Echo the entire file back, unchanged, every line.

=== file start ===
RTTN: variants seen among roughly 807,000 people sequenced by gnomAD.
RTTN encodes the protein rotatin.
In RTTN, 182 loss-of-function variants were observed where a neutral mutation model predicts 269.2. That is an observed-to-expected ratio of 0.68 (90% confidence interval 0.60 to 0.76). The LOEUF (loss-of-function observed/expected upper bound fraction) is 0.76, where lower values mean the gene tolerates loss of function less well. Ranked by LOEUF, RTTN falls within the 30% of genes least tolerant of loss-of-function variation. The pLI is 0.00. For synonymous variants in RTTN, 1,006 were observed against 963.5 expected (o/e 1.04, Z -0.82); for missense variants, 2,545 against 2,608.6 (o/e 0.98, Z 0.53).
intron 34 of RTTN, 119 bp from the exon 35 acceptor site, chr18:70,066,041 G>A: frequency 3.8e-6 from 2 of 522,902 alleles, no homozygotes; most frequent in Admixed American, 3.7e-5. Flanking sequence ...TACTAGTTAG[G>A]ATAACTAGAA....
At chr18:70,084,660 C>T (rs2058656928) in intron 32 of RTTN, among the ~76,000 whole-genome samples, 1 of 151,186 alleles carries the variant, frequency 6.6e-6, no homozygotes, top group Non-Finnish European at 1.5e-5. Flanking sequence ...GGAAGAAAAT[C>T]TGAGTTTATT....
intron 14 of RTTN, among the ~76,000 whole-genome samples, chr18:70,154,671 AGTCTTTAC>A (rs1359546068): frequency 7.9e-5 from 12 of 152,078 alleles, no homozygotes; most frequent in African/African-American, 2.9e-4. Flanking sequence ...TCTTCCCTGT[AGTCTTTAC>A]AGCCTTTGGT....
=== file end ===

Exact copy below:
RTTN: variants seen among roughly 807,000 people sequenced by gnomAD.
RTTN encodes the protein rotatin.
In RTTN, 182 loss-of-function variants were observed where a neutral mutation model predicts 269.2. That is an observed-to-expected ratio of 0.68 (90% confidence interval 0.60 to 0.76). The LOEUF (loss-of-function observed/expected upper bound fraction) is 0.76, where lower values mean the gene tolerates loss of function less well. Ranked by LOEUF, RTTN falls within the 30% of genes least tolerant of loss-of-function variation. The pLI is 0.00. For synonymous variants in RTTN, 1,006 were observed against 963.5 expected (o/e 1.04, Z -0.82); for missense variants, 2,545 against 2,608.6 (o/e 0.98, Z 0.53).
intron 34 of RTTN, 119 bp from the exon 35 acceptor site, chr18:70,066,041 G>A: frequency 3.8e-6 from 2 of 522,902 alleles, no homozygotes; most frequent in Admixed American, 3.7e-5. Flanking sequence ...TACTAGTTAG[G>A]ATAACTAGAA....
At chr18:70,084,660 C>T (rs2058656928) in intron 32 of RTTN, among the ~76,000 whole-genome samples, 1 of 151,186 alleles carries the variant, frequency 6.6e-6, no homozygotes, top group Non-Finnish European at 1.5e-5. Flanking sequence ...GGAAGAAAAT[C>T]TGAGTTTATT....
intron 14 of RTTN, among the ~76,000 whole-genome samples, chr18:70,154,671 AGTCTTTAC>A (rs1359546068): frequency 7.9e-5 from 12 of 152,078 alleles, no homozygotes; most frequent in African/African-American, 2.9e-4. Flanking sequence ...TCTTCCCTGT[AGTCTTTAC>A]AGCCTTTGGT....